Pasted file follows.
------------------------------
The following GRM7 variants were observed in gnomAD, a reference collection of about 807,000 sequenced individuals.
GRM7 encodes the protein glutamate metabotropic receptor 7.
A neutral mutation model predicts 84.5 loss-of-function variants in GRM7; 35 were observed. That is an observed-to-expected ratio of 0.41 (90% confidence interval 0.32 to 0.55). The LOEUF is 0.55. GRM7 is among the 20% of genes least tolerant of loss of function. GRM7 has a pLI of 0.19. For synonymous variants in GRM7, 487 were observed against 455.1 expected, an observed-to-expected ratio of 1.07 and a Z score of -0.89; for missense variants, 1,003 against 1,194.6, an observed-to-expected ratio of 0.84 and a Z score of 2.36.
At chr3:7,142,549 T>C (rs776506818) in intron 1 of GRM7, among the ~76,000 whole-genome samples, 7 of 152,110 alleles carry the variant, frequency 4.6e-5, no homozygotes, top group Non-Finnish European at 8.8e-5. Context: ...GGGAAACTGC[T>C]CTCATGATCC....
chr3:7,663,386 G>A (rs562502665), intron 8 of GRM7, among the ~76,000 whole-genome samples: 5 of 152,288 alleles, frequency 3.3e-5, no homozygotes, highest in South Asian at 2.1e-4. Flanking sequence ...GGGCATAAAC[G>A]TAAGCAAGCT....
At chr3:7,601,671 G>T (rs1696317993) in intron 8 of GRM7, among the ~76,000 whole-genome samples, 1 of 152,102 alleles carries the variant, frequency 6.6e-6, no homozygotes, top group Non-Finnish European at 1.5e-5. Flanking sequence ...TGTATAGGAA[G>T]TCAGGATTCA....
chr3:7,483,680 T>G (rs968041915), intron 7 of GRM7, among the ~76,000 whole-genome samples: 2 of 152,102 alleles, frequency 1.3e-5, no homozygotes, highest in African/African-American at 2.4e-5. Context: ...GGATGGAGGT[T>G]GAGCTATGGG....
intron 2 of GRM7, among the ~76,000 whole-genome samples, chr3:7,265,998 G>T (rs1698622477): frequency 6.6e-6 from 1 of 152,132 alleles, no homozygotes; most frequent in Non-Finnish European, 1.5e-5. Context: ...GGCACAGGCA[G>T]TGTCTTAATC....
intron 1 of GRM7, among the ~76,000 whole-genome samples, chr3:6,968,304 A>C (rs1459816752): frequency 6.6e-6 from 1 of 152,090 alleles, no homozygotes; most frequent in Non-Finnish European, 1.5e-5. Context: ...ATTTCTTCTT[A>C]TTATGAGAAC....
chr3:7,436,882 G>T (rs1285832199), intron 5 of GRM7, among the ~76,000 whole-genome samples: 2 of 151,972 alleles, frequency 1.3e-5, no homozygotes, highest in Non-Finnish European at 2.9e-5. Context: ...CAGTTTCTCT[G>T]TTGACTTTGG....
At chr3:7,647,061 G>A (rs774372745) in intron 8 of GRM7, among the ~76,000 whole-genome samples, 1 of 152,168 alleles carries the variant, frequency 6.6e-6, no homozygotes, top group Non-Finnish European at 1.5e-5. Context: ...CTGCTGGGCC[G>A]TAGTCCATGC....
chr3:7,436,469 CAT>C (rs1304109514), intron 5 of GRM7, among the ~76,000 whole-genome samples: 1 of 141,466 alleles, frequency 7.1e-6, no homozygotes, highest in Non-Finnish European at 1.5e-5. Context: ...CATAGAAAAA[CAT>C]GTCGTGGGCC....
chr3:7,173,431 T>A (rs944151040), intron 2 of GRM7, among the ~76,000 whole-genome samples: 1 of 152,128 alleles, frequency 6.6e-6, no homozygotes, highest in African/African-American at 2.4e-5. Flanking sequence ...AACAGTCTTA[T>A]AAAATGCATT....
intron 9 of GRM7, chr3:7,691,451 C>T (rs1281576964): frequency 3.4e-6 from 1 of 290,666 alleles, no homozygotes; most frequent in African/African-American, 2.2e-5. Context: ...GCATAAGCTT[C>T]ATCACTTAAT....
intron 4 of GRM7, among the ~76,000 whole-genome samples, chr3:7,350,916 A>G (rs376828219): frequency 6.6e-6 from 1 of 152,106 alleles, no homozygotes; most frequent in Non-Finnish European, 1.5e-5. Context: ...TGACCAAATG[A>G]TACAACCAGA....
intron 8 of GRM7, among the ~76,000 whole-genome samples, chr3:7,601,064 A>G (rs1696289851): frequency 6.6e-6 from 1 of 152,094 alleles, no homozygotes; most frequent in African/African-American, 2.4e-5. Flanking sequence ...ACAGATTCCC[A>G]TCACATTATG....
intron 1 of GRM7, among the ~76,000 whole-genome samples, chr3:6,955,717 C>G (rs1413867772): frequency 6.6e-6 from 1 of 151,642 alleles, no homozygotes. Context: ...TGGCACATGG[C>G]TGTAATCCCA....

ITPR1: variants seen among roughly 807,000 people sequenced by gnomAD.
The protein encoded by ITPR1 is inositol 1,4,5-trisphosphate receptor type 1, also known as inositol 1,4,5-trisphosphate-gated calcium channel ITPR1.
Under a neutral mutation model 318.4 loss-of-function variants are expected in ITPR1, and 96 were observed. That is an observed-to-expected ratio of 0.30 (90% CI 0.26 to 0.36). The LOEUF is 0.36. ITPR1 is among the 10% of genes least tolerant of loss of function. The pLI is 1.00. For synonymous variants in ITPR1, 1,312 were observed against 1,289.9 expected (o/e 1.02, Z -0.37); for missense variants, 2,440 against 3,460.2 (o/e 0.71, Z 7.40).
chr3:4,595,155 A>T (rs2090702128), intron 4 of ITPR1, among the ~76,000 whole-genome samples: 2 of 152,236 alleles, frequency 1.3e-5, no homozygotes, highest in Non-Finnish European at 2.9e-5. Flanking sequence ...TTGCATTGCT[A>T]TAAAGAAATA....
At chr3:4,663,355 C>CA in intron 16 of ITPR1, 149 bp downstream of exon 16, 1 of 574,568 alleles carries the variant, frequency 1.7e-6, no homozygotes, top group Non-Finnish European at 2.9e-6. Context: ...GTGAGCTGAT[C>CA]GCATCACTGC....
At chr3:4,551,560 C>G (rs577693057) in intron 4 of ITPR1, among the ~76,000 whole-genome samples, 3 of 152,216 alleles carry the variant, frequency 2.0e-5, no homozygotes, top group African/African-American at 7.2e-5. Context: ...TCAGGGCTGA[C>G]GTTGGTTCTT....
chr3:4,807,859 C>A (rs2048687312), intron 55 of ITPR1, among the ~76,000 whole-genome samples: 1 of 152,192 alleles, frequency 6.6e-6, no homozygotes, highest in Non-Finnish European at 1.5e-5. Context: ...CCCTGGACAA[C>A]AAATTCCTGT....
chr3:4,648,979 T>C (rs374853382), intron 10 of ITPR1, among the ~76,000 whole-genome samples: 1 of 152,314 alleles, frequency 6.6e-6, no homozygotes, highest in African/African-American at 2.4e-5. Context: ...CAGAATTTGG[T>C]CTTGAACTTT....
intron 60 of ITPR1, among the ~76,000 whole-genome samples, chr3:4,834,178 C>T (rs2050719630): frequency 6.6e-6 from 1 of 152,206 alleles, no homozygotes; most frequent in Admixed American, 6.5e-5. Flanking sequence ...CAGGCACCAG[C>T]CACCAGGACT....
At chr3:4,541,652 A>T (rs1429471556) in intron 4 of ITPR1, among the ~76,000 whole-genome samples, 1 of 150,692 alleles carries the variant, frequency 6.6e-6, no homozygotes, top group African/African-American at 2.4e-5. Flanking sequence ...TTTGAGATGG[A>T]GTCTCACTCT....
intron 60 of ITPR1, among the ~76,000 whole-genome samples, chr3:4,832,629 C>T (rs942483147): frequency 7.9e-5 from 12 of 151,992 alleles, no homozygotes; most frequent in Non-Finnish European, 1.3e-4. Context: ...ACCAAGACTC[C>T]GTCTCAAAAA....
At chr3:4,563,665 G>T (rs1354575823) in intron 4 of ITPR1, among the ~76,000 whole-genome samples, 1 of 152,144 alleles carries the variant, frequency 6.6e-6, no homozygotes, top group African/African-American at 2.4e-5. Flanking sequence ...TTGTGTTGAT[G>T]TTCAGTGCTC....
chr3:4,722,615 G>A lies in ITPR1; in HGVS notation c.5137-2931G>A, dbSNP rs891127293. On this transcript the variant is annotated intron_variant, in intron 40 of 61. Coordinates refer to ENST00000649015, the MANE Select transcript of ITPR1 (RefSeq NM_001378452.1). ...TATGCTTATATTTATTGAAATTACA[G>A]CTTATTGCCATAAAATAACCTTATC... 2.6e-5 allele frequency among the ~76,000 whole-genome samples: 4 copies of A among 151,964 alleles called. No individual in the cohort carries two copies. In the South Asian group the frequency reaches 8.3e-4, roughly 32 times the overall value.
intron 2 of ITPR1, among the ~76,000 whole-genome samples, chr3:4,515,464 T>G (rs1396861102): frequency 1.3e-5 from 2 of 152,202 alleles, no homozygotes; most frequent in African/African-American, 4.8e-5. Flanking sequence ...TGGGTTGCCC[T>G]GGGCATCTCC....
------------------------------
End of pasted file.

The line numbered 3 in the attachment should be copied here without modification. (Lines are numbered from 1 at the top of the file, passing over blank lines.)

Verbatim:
A neutral mutation model predicts 84.5 loss-of-function variants in GRM7; 35 were observed. That is an observed-to-expected ratio of 0.41 (90% confidence interval 0.32 to 0.55). The LOEUF is 0.55. GRM7 is among the 20% of genes least tolerant of loss of function. GRM7 has a pLI of 0.19. For synonymous variants in GRM7, 487 were observed against 455.1 expected, an observed-to-expected ratio of 1.07 and a Z score of -0.89; for missense variants, 1,003 against 1,194.6, an observed-to-expected ratio of 0.84 and a Z score of 2.36.